Oil steadies as stronger demand balances glut


Crude oil prices steadied just above $60 a barrel on Thursday as strong demand for oil products helped balance a global overhang of oil for immediate delivery.

North Sea Brent crude oil LCOc1 traded within a narrow 58-cent range as investors eyed a very weak physical crude market in the Atlantic basin amid reports of stronger demand for gasoline and diesel in the United States and Europe.

Official prices for Nigerian crude have hit their lowest in at least a decade with as much as 10 million barrels of unsold light, sweet crude oil capping Atlantic basin prices.
But demand for oil products is fairly strong. U.S. gasoline demand in the week to June 19 hit the highest seasonal level since 1991, according to the U.S. Energy Information Administration (EIA).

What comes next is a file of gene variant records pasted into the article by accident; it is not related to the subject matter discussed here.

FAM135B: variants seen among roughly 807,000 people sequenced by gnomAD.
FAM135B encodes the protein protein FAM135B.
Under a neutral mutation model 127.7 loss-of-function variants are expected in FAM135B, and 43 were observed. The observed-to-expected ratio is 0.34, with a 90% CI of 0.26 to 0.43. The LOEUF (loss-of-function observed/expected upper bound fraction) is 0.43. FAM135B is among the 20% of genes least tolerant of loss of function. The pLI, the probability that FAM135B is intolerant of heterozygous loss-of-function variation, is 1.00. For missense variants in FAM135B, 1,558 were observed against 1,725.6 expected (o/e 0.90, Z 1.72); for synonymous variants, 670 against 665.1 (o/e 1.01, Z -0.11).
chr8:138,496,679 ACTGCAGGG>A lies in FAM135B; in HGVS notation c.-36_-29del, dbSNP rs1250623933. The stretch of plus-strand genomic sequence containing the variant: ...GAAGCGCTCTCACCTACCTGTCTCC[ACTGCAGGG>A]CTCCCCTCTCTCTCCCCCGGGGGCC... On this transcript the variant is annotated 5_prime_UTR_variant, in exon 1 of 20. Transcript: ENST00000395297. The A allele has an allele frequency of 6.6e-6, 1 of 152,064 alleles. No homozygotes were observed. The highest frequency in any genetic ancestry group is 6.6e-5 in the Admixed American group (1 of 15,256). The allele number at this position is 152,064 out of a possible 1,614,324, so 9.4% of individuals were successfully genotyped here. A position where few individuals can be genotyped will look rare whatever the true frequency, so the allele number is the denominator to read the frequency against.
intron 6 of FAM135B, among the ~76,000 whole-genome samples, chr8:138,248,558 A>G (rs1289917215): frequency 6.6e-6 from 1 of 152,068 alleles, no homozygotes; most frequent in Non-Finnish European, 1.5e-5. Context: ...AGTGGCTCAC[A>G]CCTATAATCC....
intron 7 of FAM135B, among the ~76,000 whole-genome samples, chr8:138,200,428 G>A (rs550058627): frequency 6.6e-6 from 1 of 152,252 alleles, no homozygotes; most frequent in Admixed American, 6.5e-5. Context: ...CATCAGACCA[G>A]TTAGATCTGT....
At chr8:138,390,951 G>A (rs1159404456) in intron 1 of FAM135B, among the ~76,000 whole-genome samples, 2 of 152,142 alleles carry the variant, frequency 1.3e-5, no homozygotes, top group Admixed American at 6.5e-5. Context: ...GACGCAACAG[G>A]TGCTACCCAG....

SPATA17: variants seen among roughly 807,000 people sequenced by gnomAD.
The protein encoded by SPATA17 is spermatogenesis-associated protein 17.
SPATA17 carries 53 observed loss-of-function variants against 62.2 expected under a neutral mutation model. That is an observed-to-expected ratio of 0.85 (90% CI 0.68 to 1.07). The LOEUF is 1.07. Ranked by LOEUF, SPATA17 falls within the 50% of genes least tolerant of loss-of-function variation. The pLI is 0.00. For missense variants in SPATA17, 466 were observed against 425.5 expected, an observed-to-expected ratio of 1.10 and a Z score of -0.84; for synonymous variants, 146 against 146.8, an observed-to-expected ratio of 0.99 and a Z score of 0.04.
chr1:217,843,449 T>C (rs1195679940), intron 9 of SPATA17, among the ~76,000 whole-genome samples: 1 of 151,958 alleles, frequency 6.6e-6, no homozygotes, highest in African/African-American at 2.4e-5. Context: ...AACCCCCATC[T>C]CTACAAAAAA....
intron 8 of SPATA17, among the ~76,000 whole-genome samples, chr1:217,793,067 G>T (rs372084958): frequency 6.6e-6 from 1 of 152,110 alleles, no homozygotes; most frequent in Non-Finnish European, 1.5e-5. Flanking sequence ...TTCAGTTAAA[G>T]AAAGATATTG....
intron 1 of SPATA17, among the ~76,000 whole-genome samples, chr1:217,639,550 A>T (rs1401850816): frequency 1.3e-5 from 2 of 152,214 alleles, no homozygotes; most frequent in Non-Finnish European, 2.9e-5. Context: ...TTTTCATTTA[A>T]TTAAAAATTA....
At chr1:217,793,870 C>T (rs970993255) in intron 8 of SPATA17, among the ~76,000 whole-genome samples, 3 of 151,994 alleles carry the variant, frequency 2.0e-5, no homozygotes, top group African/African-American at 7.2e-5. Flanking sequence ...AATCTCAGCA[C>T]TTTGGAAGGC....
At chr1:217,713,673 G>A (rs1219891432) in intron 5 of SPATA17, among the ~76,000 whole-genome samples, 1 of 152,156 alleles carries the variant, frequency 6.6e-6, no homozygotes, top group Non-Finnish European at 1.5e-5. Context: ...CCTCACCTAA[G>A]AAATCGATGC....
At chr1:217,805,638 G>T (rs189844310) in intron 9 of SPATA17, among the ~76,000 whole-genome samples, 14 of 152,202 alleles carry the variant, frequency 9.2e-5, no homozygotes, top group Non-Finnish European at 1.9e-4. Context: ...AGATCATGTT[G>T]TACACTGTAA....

Brent for August LCOc1 was up 20 cents at $63.69 a barrel by 7.10 a.m. EDT, after ending the previous day down 96 cents, or 1.5 percent. U.S. crude for August CLc1 was down 20 cents at $60.07 a barrel, after finishing Wednesday down 74 cents.

"Reports of unsold physical cargoes in the North Sea combined with a Brent crude oil contango that shows no signs of tightening are a warning that the market is currently not tightening up into the high demand season as one should expect," said Bjarne Schieldrop, analyst at SEB Markets in Oslo. (Reuters, BY LIBBY GEORGE)

Also, see our look at oil pricing and why it may be headed back up sooner rather than later.